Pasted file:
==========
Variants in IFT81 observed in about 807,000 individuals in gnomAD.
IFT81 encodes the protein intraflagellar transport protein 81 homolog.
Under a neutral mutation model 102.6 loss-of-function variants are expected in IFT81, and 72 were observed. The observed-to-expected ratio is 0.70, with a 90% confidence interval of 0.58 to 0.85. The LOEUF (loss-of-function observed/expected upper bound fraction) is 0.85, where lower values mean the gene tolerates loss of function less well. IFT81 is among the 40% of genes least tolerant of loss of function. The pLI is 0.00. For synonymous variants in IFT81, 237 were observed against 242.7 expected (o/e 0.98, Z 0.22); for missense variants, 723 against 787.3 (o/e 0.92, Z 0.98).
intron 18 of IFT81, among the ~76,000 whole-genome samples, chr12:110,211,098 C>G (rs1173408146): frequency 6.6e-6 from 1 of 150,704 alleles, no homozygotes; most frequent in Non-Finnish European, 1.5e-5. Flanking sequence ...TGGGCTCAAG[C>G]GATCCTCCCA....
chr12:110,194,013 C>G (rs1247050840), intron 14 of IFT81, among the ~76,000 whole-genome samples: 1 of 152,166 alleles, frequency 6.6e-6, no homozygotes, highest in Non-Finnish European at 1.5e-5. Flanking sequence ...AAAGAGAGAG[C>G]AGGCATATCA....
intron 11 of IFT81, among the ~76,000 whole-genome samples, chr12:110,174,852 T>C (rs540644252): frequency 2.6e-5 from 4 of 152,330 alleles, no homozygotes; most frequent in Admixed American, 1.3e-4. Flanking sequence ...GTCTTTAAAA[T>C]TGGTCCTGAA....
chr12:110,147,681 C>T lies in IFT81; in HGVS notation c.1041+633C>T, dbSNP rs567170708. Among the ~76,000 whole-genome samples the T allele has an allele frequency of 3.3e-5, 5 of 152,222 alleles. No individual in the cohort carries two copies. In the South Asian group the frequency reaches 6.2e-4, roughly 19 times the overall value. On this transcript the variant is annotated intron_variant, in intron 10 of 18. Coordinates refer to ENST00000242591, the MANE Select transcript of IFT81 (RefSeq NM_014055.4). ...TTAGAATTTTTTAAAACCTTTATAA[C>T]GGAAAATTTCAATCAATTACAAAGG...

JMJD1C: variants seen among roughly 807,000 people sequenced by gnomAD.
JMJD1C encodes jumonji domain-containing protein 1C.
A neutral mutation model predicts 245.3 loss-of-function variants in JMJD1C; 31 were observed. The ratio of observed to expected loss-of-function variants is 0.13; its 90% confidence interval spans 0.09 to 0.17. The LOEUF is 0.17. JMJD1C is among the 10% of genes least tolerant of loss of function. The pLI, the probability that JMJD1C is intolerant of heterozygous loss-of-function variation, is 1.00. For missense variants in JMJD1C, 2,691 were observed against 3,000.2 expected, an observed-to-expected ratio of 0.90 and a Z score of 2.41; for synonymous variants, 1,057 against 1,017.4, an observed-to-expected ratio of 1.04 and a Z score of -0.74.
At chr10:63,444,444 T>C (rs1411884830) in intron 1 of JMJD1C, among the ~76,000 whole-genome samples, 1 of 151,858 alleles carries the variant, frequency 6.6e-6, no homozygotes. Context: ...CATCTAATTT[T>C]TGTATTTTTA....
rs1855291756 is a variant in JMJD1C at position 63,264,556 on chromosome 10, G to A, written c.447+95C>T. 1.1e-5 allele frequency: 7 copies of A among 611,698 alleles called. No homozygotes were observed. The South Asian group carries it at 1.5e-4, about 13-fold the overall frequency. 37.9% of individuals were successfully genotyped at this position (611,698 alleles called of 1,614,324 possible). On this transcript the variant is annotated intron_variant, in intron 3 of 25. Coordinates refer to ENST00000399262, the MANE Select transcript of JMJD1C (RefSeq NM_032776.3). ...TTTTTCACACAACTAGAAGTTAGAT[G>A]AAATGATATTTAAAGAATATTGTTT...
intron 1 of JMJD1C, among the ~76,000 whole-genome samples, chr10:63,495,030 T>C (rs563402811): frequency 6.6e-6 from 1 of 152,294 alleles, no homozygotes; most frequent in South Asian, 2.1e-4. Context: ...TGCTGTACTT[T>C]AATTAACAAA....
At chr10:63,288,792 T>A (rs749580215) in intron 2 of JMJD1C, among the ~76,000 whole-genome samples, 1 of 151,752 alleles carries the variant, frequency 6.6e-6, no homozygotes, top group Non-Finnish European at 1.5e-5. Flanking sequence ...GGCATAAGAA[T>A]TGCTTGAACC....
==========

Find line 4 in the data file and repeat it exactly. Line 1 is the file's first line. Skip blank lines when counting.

intron 18 of IFT81, among the ~76,000 whole-genome samples, chr12:110,211,098 C>G (rs1173408146): frequency 6.6e-6 from 1 of 150,704 alleles, no homozygotes; most frequent in Non-Finnish European, 1.5e-5. Flanking sequence ...TGGGCTCAAG[C>G]GATCCTCCCA....